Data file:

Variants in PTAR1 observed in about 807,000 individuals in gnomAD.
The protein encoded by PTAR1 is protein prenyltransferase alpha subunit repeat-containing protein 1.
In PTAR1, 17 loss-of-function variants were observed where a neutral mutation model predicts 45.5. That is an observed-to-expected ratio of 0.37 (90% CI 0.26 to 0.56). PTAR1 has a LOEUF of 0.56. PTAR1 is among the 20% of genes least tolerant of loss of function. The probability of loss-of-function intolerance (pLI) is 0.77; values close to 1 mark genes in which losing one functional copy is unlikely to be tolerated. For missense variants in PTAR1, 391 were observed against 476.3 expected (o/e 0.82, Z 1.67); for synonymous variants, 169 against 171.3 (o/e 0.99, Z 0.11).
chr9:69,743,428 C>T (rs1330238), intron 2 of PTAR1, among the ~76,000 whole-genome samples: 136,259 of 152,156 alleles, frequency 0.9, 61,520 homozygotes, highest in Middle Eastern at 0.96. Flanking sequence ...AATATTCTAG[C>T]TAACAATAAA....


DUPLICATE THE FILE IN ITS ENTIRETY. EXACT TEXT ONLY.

Variants in PTAR1 observed in about 807,000 individuals in gnomAD.
The protein encoded by PTAR1 is protein prenyltransferase alpha subunit repeat-containing protein 1.
In PTAR1, 17 loss-of-function variants were observed where a neutral mutation model predicts 45.5. That is an observed-to-expected ratio of 0.37 (90% CI 0.26 to 0.56). PTAR1 has a LOEUF of 0.56. PTAR1 is among the 20% of genes least tolerant of loss of function. The probability of loss-of-function intolerance (pLI) is 0.77; values close to 1 mark genes in which losing one functional copy is unlikely to be tolerated. For missense variants in PTAR1, 391 were observed against 476.3 expected (o/e 0.82, Z 1.67); for synonymous variants, 169 against 171.3 (o/e 0.99, Z 0.11).
chr9:69,743,428 C>T (rs1330238), intron 2 of PTAR1, among the ~76,000 whole-genome samples: 136,259 of 152,156 alleles, frequency 0.9, 61,520 homozygotes, highest in Middle Eastern at 0.96. Flanking sequence ...AATATTCTAG[C>T]TAACAATAAA....